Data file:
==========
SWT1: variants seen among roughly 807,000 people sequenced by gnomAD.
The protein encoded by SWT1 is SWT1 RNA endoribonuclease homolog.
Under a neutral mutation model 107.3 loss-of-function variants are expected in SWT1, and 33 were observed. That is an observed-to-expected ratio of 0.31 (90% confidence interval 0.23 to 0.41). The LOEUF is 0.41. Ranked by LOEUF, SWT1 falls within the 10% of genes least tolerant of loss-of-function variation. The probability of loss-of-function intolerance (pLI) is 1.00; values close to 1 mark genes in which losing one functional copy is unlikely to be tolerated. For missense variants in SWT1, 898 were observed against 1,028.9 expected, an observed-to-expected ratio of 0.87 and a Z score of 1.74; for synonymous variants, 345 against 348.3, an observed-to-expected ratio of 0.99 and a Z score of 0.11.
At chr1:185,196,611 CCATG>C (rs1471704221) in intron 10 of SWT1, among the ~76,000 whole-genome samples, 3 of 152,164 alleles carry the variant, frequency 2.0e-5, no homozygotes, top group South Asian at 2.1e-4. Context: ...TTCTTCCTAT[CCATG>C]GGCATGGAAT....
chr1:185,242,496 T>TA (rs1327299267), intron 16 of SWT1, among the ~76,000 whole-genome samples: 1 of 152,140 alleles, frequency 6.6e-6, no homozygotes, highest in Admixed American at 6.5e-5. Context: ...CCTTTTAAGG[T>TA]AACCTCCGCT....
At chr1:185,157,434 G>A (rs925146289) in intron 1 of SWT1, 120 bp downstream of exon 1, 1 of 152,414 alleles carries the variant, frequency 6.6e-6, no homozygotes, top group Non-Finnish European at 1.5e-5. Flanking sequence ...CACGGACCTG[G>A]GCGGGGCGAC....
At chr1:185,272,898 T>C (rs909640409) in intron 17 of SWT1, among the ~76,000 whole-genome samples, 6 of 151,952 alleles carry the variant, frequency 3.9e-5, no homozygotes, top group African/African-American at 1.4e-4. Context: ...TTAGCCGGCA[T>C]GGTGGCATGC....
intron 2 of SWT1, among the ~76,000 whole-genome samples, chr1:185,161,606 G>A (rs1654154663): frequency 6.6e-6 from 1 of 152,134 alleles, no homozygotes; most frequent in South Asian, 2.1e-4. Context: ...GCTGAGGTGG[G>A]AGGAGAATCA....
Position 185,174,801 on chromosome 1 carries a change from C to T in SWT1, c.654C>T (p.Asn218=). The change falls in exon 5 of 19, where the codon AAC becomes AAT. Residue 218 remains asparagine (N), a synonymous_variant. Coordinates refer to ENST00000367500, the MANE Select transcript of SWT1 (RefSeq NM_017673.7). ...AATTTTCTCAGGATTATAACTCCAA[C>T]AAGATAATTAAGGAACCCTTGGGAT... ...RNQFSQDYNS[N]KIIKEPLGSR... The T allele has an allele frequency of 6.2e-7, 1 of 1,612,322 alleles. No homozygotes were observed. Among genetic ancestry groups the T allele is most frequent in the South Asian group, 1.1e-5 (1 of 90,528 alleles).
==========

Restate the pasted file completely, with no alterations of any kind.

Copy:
SWT1: variants seen among roughly 807,000 people sequenced by gnomAD.
The protein encoded by SWT1 is SWT1 RNA endoribonuclease homolog.
Under a neutral mutation model 107.3 loss-of-function variants are expected in SWT1, and 33 were observed. That is an observed-to-expected ratio of 0.31 (90% confidence interval 0.23 to 0.41). The LOEUF is 0.41. Ranked by LOEUF, SWT1 falls within the 10% of genes least tolerant of loss-of-function variation. The probability of loss-of-function intolerance (pLI) is 1.00; values close to 1 mark genes in which losing one functional copy is unlikely to be tolerated. For missense variants in SWT1, 898 were observed against 1,028.9 expected, an observed-to-expected ratio of 0.87 and a Z score of 1.74; for synonymous variants, 345 against 348.3, an observed-to-expected ratio of 0.99 and a Z score of 0.11.
At chr1:185,196,611 CCATG>C (rs1471704221) in intron 10 of SWT1, among the ~76,000 whole-genome samples, 3 of 152,164 alleles carry the variant, frequency 2.0e-5, no homozygotes, top group South Asian at 2.1e-4. Context: ...TTCTTCCTAT[CCATG>C]GGCATGGAAT....
chr1:185,242,496 T>TA (rs1327299267), intron 16 of SWT1, among the ~76,000 whole-genome samples: 1 of 152,140 alleles, frequency 6.6e-6, no homozygotes, highest in Admixed American at 6.5e-5. Context: ...CCTTTTAAGG[T>TA]AACCTCCGCT....
At chr1:185,157,434 G>A (rs925146289) in intron 1 of SWT1, 120 bp downstream of exon 1, 1 of 152,414 alleles carries the variant, frequency 6.6e-6, no homozygotes, top group Non-Finnish European at 1.5e-5. Flanking sequence ...CACGGACCTG[G>A]GCGGGGCGAC....
At chr1:185,272,898 T>C (rs909640409) in intron 17 of SWT1, among the ~76,000 whole-genome samples, 6 of 151,952 alleles carry the variant, frequency 3.9e-5, no homozygotes, top group African/African-American at 1.4e-4. Context: ...TTAGCCGGCA[T>C]GGTGGCATGC....
intron 2 of SWT1, among the ~76,000 whole-genome samples, chr1:185,161,606 G>A (rs1654154663): frequency 6.6e-6 from 1 of 152,134 alleles, no homozygotes; most frequent in South Asian, 2.1e-4. Context: ...GCTGAGGTGG[G>A]AGGAGAATCA....
Position 185,174,801 on chromosome 1 carries a change from C to T in SWT1, c.654C>T (p.Asn218=). The change falls in exon 5 of 19, where the codon AAC becomes AAT. Residue 218 remains asparagine (N), a synonymous_variant. Coordinates refer to ENST00000367500, the MANE Select transcript of SWT1 (RefSeq NM_017673.7). ...AATTTTCTCAGGATTATAACTCCAA[C>T]AAGATAATTAAGGAACCCTTGGGAT... ...RNQFSQDYNS[N]KIIKEPLGSR... The T allele has an allele frequency of 6.2e-7, 1 of 1,612,322 alleles. No homozygotes were observed. Among genetic ancestry groups the T allele is most frequent in the South Asian group, 1.1e-5 (1 of 90,528 alleles).